Burrell Smith Inducted into Missouri Institute of Cooperatives Hall of Fame

Lewis Co. REC Mangner of Member Services Travis Mathes had the honor of presenting Burrell Smith his award, inductingSmith into the Missouri Institute of Cooperatives Hall of Fame.

Lewis Co. REC Mangner of Member Services Travis Mathes had the honor of presenting Burrell Smith his award, inductingSmith into the Missouri Institute of Cooperatives Hall of Fame.

Burrell Smith Inducted into Missouri Institute of Cooperatives Hall of Fame

 

On March 11, 2014 Burrell Smith a retired lineman for Lewis County REC, from Monticello, Missouri was inducted into the Missouri Institute of Cooperatives Hall of Fame.  Travis Mathes, Manager of Member Services/Government Relations from Lewis County REC had the honor of making the presentation at the MIC Annual Meeting in Columbia, MO.  “It was one of the greatest honors of my career to be able to present Burrell with his Hall of Fame Award.  Burrell is truly an inspiration and has been a light throughout our cooperative since its inception,” stated Mathes.

Burrell Smith began his cooperative involvement in 1936, upon graduation from high school.  He has been an ardent supporter of the cooperative movement for more than 77 years.  Burrell worked tirelessly to ensure his neighbors could enjoy the benefits of electricity.  He is a living history of how rural electrification changed northeast Missouri and improved lives.

Burrell remembers Lewis County REC in the 1930’s in the years before rural citizens had electricity.  In 1936 a group set up a temporary organization to explore establishing an electric cooperative.  It was one of the first in Missouri.  Burrell’s first job involved preliminary work conducting surveys of prospective REC customers and getting people to subscribe – three subscriptions per mile were necessary.  It was a real challenge for many to come up with the $5 membership fee.

After serving in WWII, Burrell started his career anew with Lewis County REC in 1945.  At first he was building meter loops to measure the electricity used by each customer.  After a few years, Burrell became a lineman.  Linemen were on call 24/7 during the week and every other weekend.  His personal phone number was printed in the papers.  When people had an outage, they called and Burrell went.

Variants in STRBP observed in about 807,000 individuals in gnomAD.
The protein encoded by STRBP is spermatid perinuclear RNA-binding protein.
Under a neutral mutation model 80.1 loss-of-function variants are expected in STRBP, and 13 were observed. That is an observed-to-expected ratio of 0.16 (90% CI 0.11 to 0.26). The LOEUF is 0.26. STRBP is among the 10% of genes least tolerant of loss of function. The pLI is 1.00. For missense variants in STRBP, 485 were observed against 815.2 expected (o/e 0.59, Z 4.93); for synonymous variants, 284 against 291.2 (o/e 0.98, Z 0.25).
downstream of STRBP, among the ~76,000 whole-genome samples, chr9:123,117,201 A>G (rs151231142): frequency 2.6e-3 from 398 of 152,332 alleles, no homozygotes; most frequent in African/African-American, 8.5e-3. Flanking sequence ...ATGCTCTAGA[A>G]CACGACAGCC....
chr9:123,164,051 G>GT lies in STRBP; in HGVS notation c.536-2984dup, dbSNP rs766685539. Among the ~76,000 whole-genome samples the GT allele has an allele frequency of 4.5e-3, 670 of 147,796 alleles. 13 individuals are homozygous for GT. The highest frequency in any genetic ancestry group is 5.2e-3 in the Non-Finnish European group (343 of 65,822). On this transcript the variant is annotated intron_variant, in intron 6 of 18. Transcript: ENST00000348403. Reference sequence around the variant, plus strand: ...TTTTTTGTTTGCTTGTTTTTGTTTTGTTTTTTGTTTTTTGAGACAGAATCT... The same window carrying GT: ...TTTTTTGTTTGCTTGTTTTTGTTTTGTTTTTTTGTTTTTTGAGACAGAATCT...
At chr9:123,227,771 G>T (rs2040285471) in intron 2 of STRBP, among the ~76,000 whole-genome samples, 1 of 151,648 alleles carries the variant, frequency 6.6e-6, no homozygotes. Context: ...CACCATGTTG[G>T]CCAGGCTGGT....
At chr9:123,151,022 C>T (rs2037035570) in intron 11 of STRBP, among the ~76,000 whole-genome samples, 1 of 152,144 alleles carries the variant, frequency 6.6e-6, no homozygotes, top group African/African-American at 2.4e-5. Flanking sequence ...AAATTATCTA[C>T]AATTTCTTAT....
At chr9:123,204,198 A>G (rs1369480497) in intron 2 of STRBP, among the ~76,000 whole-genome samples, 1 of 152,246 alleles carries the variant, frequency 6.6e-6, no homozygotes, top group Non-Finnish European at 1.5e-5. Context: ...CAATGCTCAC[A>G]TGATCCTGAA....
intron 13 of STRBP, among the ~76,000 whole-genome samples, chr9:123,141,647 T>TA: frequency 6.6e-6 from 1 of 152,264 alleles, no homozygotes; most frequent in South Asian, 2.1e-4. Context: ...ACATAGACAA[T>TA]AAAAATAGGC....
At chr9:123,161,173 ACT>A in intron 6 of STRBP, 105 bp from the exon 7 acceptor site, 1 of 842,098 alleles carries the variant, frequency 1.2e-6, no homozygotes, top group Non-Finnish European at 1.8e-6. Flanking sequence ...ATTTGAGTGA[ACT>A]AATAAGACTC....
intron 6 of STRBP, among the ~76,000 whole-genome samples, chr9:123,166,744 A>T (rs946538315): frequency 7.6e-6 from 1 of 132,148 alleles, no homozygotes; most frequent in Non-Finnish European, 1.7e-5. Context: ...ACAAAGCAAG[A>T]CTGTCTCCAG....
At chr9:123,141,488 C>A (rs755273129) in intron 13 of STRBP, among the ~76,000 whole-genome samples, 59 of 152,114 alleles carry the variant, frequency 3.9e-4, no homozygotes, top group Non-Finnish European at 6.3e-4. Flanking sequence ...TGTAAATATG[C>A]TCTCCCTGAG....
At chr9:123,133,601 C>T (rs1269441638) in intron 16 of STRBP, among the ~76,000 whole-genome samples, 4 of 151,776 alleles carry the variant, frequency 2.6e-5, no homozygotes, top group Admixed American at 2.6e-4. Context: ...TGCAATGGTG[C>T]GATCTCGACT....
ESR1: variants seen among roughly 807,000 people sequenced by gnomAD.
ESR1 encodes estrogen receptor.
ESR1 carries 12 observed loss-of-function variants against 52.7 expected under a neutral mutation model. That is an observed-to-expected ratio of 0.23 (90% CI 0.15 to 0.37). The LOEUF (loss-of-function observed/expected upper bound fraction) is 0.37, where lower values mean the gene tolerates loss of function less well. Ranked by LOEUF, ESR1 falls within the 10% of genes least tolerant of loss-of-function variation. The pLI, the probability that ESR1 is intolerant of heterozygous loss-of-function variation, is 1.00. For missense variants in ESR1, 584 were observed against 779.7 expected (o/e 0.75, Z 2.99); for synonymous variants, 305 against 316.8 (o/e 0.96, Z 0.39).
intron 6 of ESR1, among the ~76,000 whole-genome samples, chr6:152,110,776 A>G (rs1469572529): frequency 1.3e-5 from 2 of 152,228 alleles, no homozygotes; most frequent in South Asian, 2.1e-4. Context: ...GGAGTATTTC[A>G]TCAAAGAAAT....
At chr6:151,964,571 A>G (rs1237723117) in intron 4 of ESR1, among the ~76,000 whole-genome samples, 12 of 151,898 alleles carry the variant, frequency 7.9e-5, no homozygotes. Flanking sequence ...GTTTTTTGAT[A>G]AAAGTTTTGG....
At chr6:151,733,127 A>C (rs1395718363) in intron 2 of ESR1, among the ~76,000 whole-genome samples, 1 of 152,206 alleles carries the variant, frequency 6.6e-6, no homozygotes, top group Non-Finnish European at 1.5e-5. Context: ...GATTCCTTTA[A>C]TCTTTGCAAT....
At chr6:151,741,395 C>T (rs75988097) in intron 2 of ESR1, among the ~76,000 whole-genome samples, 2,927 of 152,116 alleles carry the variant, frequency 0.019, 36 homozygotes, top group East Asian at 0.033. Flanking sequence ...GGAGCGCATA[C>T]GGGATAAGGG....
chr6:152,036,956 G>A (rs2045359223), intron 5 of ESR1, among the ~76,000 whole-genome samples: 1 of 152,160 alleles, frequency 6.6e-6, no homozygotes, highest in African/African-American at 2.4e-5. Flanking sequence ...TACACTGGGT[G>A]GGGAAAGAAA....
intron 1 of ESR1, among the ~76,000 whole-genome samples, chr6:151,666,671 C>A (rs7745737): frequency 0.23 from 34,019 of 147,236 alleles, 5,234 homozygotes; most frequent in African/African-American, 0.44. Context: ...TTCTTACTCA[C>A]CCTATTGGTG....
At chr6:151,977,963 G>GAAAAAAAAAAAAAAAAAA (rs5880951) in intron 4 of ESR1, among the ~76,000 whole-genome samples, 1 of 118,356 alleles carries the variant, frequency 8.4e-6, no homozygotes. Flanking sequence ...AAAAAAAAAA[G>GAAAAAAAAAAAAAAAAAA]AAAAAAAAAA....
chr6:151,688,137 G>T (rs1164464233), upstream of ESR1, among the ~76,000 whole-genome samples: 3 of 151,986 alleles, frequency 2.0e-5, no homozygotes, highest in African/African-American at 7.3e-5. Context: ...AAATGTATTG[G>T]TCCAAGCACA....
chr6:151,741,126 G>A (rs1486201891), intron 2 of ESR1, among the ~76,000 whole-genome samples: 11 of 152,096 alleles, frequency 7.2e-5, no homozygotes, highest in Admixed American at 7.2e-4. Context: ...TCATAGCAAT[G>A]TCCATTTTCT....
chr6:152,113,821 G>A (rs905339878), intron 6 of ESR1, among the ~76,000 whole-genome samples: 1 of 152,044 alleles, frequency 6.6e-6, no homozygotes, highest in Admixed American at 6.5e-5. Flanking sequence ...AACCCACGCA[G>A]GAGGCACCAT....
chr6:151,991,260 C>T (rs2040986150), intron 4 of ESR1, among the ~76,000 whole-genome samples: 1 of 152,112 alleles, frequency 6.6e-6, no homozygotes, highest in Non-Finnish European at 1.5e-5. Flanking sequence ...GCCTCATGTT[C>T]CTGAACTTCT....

Burrell was a dedicated worker, spending hours with primitive equipment to build and maintain lines for Lewis County REC.  He cleared right of ways with an ax and dug holes by hand, often blasting through solid rock with dynamite and then hoisting the poles into place by sheer strength.  He maintained and built lines the hard way.

His career was spent fighting the elements, including waste deep snow, bitter cold, ice storms, floods, and the darkness of many late-night outage calls.  To ensure he never missed a call after hours, Burrell installed a bell outside his home so he could hear the phone ring while in the yard or doing chores.

He remembers the feeling of joy when a farm would get electricity for the first time, often one light, hanging down in the middle of a room – or a security light on the barn.

In addition to his work at Lewis County REC, Burrell served his community in countless roles, including several terms as mayor of Monticello, as a school board member, and a deacon in his church.  Burrell still attends church every Sunday at the young age of 95.

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